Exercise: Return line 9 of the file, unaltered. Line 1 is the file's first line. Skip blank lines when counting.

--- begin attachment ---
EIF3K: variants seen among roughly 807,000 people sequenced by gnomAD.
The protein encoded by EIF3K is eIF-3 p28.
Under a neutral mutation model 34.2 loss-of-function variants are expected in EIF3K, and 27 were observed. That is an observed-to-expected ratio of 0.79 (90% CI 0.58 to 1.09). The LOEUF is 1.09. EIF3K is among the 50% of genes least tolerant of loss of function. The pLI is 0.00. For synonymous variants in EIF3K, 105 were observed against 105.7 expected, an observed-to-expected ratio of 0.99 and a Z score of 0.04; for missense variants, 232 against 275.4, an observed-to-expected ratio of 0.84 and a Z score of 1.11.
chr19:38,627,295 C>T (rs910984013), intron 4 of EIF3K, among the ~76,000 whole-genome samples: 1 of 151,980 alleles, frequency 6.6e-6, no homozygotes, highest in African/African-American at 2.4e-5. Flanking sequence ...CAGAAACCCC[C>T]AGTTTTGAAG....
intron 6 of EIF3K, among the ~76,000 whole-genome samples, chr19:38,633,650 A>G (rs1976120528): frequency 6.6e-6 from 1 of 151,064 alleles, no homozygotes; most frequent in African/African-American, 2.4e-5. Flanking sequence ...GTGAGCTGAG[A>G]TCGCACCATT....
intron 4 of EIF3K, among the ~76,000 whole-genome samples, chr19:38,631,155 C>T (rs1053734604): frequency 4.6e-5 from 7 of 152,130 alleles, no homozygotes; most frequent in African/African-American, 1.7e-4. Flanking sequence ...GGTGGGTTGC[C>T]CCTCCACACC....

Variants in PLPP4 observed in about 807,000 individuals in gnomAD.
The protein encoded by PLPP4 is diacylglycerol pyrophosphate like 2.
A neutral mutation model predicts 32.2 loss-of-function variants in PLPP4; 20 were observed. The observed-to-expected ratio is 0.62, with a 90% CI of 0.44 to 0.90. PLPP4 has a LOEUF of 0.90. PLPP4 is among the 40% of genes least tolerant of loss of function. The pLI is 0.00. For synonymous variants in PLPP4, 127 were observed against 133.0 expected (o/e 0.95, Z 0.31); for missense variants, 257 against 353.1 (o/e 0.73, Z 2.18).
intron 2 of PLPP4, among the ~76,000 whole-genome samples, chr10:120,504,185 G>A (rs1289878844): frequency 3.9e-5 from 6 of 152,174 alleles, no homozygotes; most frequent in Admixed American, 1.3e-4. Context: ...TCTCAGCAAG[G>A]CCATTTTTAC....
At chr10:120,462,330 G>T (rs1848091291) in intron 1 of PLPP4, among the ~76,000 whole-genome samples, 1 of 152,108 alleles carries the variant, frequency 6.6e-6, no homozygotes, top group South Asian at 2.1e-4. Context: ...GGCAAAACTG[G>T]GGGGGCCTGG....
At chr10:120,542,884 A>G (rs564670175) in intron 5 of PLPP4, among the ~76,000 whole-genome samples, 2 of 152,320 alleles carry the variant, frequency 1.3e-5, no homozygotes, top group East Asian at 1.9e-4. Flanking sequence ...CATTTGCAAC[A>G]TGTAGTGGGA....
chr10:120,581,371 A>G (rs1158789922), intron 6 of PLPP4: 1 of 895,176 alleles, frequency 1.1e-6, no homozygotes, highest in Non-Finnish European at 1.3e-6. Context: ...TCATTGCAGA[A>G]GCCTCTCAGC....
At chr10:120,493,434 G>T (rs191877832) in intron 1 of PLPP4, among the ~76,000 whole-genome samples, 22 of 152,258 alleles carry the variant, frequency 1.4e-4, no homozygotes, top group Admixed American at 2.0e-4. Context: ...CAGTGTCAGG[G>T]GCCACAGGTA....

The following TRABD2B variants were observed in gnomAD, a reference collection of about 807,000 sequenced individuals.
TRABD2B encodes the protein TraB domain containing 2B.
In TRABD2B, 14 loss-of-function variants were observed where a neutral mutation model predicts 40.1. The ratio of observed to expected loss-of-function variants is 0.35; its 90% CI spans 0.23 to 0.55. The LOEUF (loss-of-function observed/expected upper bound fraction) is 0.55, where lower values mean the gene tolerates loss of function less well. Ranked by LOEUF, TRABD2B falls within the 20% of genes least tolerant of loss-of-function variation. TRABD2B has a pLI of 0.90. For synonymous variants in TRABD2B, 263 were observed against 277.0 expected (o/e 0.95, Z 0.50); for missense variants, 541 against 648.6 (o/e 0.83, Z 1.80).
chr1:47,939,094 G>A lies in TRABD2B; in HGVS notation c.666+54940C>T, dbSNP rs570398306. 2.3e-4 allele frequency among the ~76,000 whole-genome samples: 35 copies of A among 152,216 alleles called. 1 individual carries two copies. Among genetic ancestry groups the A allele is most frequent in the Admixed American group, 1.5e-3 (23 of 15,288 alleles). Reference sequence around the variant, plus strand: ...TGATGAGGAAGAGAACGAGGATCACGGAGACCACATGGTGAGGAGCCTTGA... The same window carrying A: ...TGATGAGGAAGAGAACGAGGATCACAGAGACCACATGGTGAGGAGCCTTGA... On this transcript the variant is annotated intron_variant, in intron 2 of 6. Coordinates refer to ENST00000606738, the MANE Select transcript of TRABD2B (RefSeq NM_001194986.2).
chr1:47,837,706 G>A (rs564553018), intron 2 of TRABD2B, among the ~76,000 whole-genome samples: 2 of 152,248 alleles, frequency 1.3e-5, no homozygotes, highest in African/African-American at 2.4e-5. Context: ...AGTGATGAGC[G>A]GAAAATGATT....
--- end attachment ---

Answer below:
A neutral mutation model predicts 32.2 loss-of-function variants in PLPP4; 20 were observed. The observed-to-expected ratio is 0.62, with a 90% CI of 0.44 to 0.90. PLPP4 has a LOEUF of 0.90. PLPP4 is among the 40% of genes least tolerant of loss of function. The pLI is 0.00. For synonymous variants in PLPP4, 127 were observed against 133.0 expected (o/e 0.95, Z 0.31); for missense variants, 257 against 353.1 (o/e 0.73, Z 2.18).